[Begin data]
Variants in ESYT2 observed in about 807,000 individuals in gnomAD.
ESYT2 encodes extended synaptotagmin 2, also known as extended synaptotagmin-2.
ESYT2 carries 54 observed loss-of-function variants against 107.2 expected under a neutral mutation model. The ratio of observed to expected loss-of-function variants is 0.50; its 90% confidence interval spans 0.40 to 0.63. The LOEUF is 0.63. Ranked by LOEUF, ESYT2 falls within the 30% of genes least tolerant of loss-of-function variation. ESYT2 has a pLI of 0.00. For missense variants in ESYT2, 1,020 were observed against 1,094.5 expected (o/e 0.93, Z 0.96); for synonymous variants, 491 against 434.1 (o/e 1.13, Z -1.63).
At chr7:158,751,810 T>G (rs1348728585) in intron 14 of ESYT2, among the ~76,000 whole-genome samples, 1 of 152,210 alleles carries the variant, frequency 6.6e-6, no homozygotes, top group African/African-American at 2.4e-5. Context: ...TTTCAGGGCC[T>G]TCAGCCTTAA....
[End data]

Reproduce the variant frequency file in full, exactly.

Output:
Variants in ESYT2 observed in about 807,000 individuals in gnomAD.
ESYT2 encodes extended synaptotagmin 2, also known as extended synaptotagmin-2.
ESYT2 carries 54 observed loss-of-function variants against 107.2 expected under a neutral mutation model. The ratio of observed to expected loss-of-function variants is 0.50; its 90% confidence interval spans 0.40 to 0.63. The LOEUF is 0.63. Ranked by LOEUF, ESYT2 falls within the 30% of genes least tolerant of loss-of-function variation. ESYT2 has a pLI of 0.00. For missense variants in ESYT2, 1,020 were observed against 1,094.5 expected (o/e 0.93, Z 0.96); for synonymous variants, 491 against 434.1 (o/e 1.13, Z -1.63).
At chr7:158,751,810 T>G (rs1348728585) in intron 14 of ESYT2, among the ~76,000 whole-genome samples, 1 of 152,210 alleles carries the variant, frequency 6.6e-6, no homozygotes, top group African/African-American at 2.4e-5. Context: ...TTTCAGGGCC[T>G]TCAGCCTTAA....